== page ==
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RMS Record Locking, File Contention?

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The Question is:

     Our question concerns on a shared read access to fixed record length
 sequencial files. We use ALPHA servers 1000A and 800, operation
systems OpenVMS V7.1 and OpenVMS V7.1-1H2
respectively, programming language FORTRAN-77.
     While trying to get a shared read access to one given record in one given
 file from several (two or more) identical programs running in different
 processes the following obstacle was revealed:
- the first program to access a record reads it successfully;
- the other programs trying to get access to this very record are denied with
 an error code 52 (decimal), i.e. "RECORD LOCKED BY ANOTHER USER", even though
 the first program completed operations with this record (the other records are
 free for access).
     We partially managed to get rid of this fault adding after READ operator
 UNLOCK operator. It enabled shared access if attempts to read a record are not
 simultaneous. However attempts of multiple simultaneous access, that occures
 ocassionally, lead to
 collisions with the same error code, notwithstanding UNLOCK. Thus we were
 forced to analyze a status
word after READ operation and, in cases of errors, try reading repeatedly.
 Sometimes it leads to quite a large number of attempts until clunch prosesses
 disperse in time.
     An example of a program to demonstrate shared access collisions looks like
 this (two or more instances of this program run in separate processes
 simultaneously until all except one fall out because of the said error):
	program check_unlock
	byte buffer(1100)
C Record size is not principal and is chosen of 1100 just for example.
C File 'FILESHAR.DAT' with record length of 1100 bytes
C with arbitrary nutrition for test should be prepared beforehand:
	open(unit=10, file='FILESHAR.DAT', access='direct', shared,
     *	organization='sequential', status='old', disp='keep',
     *	form='unformatted', recordtype='fixed', recl=275)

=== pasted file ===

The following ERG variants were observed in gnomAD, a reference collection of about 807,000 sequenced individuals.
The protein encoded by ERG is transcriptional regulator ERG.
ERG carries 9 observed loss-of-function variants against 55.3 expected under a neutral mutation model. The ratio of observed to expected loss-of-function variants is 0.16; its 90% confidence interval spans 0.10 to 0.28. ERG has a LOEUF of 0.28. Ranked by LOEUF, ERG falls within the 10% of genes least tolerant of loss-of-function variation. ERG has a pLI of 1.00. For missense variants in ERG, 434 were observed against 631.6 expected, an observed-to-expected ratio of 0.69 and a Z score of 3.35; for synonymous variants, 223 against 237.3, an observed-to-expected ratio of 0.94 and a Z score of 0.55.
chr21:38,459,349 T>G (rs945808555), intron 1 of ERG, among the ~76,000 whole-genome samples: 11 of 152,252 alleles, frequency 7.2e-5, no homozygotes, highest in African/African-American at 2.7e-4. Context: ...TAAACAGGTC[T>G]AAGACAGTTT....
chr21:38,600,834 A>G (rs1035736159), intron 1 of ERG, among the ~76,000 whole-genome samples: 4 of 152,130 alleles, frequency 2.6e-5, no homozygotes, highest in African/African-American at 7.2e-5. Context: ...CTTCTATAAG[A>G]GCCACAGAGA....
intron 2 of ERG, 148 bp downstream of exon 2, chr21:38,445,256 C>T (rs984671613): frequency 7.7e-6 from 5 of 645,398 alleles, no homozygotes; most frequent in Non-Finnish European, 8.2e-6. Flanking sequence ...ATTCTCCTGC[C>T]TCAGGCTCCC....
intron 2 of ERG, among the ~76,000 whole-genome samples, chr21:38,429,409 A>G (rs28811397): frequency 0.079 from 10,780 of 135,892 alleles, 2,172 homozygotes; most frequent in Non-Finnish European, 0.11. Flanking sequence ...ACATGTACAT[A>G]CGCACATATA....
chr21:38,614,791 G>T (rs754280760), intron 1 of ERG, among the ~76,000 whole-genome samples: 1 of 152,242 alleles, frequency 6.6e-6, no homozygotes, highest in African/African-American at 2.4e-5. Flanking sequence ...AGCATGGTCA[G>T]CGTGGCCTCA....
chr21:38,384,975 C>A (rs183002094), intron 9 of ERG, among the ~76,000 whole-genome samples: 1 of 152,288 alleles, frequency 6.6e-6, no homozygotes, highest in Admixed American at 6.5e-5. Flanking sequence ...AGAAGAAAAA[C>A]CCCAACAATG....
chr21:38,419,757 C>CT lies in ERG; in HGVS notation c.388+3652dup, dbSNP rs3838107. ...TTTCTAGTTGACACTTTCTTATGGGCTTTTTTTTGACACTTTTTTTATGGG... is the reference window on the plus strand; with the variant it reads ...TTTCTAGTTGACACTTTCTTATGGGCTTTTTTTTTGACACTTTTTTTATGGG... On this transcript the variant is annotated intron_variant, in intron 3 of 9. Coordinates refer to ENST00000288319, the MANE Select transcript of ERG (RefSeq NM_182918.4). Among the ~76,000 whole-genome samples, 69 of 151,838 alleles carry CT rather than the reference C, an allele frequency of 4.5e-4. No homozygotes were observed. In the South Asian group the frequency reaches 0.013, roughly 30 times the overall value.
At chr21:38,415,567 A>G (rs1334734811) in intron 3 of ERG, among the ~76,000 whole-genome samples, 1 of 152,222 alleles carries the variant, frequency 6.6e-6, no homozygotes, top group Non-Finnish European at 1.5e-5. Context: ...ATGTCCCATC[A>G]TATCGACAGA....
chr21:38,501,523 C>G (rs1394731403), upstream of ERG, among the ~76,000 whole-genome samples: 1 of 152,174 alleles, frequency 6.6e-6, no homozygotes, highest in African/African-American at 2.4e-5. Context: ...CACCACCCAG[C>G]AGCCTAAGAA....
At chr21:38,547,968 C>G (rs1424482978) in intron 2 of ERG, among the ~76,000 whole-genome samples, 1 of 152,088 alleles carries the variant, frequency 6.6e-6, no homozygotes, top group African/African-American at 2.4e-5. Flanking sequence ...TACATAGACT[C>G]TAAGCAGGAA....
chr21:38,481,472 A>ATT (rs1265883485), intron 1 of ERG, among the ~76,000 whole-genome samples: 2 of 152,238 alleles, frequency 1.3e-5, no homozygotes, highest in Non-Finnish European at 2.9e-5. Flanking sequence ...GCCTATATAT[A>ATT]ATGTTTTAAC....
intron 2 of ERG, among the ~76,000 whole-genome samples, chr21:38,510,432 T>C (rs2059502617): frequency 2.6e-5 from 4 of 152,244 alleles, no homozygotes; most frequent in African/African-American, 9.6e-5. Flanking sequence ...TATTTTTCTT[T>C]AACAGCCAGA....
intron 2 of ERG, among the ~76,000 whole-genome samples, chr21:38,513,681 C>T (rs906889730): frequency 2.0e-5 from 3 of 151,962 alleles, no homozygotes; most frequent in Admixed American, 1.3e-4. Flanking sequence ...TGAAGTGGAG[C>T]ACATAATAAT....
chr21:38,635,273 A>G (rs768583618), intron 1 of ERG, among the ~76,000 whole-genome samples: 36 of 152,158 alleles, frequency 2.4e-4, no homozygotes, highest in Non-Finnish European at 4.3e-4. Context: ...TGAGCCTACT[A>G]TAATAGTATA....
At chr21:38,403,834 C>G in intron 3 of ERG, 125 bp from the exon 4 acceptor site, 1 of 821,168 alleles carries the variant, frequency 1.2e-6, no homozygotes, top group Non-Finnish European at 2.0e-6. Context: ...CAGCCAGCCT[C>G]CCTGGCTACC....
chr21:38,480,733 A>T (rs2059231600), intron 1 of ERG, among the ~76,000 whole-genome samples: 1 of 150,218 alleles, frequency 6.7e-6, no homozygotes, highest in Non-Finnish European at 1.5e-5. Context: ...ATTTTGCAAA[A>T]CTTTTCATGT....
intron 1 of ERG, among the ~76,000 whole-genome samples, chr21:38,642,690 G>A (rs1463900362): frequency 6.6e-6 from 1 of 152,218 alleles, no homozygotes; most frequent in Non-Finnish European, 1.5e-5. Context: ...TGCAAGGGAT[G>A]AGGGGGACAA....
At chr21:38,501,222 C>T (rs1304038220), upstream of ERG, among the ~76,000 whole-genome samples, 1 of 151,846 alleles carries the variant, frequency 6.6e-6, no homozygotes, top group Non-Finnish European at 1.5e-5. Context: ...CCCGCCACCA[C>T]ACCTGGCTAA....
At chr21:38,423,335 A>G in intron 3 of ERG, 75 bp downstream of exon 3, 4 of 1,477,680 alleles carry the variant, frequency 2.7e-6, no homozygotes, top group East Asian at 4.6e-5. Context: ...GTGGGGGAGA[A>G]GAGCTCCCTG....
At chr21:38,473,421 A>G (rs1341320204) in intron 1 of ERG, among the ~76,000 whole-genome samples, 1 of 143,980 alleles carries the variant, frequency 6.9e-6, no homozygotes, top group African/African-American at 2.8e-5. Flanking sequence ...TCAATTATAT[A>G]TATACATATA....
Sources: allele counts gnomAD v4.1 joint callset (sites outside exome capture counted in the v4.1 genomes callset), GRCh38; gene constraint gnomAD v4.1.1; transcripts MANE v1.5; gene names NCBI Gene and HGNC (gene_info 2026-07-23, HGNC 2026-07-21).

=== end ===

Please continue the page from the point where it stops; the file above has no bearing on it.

C Infinite cycle for reading, say, of the 7-th record:
	do while(.true.)
	   read(unit=10, rec=7, iostat=istatus) buffer
          	   i=i+1		!Count of attempts
C Shutdown the cycle after collision is detected:
	   if(istatus.ne.0) then
	      type *,' Read error ', istatus,'  Attempt No ', i
	   end if
	end do
     We would greately like to know whether there is any remedy to avoid such
      Thank you for assistance,  Valentin Pisartchuk.

The Answer is :

  Your application is apparently encountering record-level contention,
  and you will need to understand the nature of this contention.  This
  contention can involve specific heavily accessed records within a file,
  or this can involve deadlocks within the application(s), or this can
  involve various other conflicting file access patterns.
  In this particular case, you will need to disable all record locks
  and maintain your own file-level and record-level access coordination,
  or manually release the record lock via explicit program request, or
  implicitly release the record lock by selecting another record in the
  file.  If you are simply reading the record, you can entirely disable
  lock acquisition (RAB$L_ROP NLK).  If writing, you can permit other
  readers but disable writers (RAB$L_ROP RLK).
  A typical pattern involves either waiting for the record lock (via
  RAB$L_ROP WAT option, and potentially adding the TMO option), or by
  periodically retrying access to the record.
  If you have no need to write to the file, you should specify READONLY
  in your OPEN statement:
	open(unit=10, file='FILESHAR.DAT', access='direct', shared,
     *	organization='sequential', status='old', disp='keep',
     *	form='unformatted', recordtype='fixed', recl=275, readonly)
  Otherwise, Fortran keeps the most recently-read record locked in
  expectation that you will then want to update it -- without
  unwittingly also overwriting another process's update.
  Some application programmers provide for an automatic release of the
  record lock (WAT and TMO options, or an explicit timer and AST), either
  via a timer that explicitly unlocks the record when the timer expires,
  or via an algorithm that reads the data and -- if a record update is
  needed -- re-reads and verifies the original contents, and then writes
  out the updated record if the original record has not changed.
  You can also use various tools to determine the cause of deadlocks,
  particularly if you have an application coded to wait for the lock
  without a timeout.  Example tools include AMDS and the Availability
  Manager, and SDA.

answer written or last revised on ( 8-MAY-2001 )

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